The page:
"Sport helps you connect and make the most of your time at Cambridge."

Medical student James Redlaff reflects on his journey to Cambridge, giving back, and the importance of sport and mental health.

Coming to Cambridge

I had never really thought about coming to Cambridge. Practically and pragmatically, I come from a single parent minimum income background. On my mum’s side of the family, no one's been to university. 

When GCSE results came in and I did well, people were saying, ‘oh, you must be thinking about Oxbridge.’ And I just let that pass because I didn't want to reveal that I didn't know what they were talking about. 

I knew I was going to go to university but the vernacular of ‘Oxbridge’ or ‘Russell group’ wasn’t something I was familiar with. I couldn’t believe that many students at Cambridge dreamt about going there since they were kids — I had only heard about it 6 months before applying. 

Great Court, Trinity College

Great Court, Trinity College

When I was in Lower Sixth, someone from Cambridge came to meet some of us who had the potential to apply. Even then I wasn't thinking too seriously about it. Oxbridge seemed other-worldly. Then I came down to Selwyn on an overnight residential and thought, ‘How great! Two days off school and what a fun little trip.’  

We had about three hours to explore the university, and one person in our group had heard of Trinity College, which we found eventually. I spoke to one of the porters and could tell very quickly from his accent that he was Polish, as is my family. We bonded on that point and he took us on a little tour all the way around Trinity. It was the best introduction I could've had to a college.

Loads of tourists crowded Great Gate in December, and then as soon as the door closed behind us, there was tranquillity. And I just thought this is incredible. One of the admissions tutors at my school later told me that Trinity is one of the most competitive colleges, and I might do well to apply to a different one. But for me, it was 0% versus 0% versus 0% chance at any of the 31 colleges, so I went for Trinity.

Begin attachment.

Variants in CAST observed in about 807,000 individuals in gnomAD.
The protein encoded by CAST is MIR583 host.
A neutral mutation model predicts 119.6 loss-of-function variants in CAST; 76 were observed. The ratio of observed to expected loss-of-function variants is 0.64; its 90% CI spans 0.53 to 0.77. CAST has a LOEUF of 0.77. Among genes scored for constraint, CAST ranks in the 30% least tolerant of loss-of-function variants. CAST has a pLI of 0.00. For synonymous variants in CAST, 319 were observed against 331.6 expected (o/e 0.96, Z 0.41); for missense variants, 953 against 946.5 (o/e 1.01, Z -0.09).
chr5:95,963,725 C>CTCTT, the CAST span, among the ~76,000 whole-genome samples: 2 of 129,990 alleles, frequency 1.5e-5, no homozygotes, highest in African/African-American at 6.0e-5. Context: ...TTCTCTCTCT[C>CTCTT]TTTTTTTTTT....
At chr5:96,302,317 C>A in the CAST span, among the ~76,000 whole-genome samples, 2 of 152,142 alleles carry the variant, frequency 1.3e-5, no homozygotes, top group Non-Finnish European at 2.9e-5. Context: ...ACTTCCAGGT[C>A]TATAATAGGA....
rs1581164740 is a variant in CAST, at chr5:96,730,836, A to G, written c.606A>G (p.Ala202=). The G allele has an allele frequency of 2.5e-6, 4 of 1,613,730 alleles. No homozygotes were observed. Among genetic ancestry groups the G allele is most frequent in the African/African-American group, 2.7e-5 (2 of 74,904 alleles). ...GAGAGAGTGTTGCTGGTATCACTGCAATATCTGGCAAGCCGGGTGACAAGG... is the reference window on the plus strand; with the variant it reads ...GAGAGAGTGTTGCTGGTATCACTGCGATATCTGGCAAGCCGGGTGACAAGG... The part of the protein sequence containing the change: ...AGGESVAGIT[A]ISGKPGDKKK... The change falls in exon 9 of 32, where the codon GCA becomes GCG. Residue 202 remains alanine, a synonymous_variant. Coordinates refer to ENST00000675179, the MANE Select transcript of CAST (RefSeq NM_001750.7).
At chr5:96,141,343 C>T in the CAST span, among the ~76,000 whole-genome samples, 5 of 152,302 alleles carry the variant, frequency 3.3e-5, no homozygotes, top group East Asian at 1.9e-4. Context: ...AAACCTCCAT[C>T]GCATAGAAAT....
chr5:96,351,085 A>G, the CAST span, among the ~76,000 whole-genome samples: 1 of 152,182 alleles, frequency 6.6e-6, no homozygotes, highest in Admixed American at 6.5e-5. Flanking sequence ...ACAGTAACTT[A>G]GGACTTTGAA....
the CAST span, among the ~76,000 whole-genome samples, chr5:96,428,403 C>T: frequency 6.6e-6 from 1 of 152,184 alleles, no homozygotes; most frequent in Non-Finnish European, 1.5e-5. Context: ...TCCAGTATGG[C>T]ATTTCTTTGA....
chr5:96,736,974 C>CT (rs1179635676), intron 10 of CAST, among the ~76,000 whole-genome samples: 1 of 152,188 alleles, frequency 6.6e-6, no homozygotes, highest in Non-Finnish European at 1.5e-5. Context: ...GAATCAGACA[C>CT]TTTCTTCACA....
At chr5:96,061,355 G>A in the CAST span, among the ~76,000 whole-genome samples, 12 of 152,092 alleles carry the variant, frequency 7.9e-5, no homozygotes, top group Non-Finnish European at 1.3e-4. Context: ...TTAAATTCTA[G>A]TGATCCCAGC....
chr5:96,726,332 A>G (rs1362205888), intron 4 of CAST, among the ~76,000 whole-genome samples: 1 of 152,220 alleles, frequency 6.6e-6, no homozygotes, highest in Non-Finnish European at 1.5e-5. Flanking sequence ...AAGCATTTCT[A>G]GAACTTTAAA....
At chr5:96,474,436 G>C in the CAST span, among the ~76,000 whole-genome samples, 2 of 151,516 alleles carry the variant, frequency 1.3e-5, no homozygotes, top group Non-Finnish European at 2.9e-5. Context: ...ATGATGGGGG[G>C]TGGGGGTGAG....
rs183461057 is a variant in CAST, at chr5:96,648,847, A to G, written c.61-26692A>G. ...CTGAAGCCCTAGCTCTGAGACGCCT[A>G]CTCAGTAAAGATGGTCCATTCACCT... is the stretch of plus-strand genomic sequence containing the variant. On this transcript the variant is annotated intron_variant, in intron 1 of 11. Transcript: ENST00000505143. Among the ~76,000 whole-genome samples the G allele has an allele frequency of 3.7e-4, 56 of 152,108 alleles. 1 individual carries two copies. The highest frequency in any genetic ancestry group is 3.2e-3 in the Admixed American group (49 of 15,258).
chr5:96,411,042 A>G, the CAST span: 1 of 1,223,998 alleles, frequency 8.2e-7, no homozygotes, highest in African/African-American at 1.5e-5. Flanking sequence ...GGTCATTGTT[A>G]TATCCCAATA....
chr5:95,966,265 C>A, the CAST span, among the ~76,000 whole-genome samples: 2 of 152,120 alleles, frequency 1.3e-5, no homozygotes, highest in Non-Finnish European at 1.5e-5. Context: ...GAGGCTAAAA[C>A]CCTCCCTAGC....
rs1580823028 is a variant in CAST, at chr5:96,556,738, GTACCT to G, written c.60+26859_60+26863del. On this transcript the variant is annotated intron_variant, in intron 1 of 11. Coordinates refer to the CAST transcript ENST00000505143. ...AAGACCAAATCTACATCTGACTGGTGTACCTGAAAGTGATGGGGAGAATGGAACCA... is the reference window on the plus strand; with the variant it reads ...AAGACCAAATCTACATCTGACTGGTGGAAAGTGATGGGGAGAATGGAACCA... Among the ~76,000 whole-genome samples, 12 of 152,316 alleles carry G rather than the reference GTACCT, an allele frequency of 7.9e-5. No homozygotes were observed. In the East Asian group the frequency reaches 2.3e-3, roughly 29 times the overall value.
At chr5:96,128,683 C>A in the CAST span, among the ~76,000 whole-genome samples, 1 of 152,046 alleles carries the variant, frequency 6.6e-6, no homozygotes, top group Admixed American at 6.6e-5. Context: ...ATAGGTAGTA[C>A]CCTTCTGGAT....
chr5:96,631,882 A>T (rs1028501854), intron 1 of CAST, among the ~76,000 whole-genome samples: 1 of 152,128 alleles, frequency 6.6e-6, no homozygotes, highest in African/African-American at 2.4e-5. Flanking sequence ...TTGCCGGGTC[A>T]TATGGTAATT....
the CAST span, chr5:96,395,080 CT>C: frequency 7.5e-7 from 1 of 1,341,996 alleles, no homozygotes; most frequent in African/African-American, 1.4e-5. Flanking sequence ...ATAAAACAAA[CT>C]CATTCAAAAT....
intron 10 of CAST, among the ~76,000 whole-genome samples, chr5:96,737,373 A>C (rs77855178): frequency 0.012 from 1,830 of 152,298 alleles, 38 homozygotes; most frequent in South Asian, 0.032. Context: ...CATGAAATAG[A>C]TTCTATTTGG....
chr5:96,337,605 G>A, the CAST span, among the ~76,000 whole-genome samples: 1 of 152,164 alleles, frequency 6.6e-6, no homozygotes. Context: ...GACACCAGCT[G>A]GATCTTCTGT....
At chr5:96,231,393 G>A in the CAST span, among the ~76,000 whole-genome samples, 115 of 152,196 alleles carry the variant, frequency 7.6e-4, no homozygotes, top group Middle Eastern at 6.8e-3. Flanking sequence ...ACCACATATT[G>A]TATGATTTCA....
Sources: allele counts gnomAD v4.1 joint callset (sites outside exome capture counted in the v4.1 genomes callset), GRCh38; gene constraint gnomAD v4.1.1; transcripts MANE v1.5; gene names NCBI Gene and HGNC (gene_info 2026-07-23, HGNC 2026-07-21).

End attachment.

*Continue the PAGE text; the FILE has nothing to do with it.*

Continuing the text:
As I saw it, applying to Cambridge was a wasted application. The only reason to do so was to avoid a ‘what if’ regret. 20 years down the line, I didn't want to think back and wonder, what if there was a slight chance? So my reason for applying was to get rejected, to have absolute certainty.

“When I got the offer, I was stunned to silence. I knew I was going to go for it.”

James Redlaff (back row, third from left) and members of the Cambridge University DanceSport team

James Redlaff (back row, third from left) and members of the Cambridge University DanceSport team

Taking up sport

Before coming to University, my family and I marked the occasion with a Mediterranean cruise which I had saved for from a part-time job. On the sea days, I went along to some Ballroom and Latin lessons, which I really enjoyed and wanted to continue doing at Cambridge. 

When I got to Cambridge, rowing was the big fashion, so I joined that and got really into it. But to row at the level I wanted, I would have had to give a lot more of my time and social life than I was willing, given how little would then be left for anything else but rowing! So in my second year, I went to tryouts and got involved with DanceSport. 

DanceSport was one of the most flexible societies available. It contributed incredibly positively to my overall experience.

I remember seeing a consultant in the scrub room doing a ronde chasse with his feet before entering the operating theatre. I asked him if he knew Ballroom and Latin, which he did. We got to chatting and did some extra supervisions, which weren't scheduled, so it was a really nice way to connect.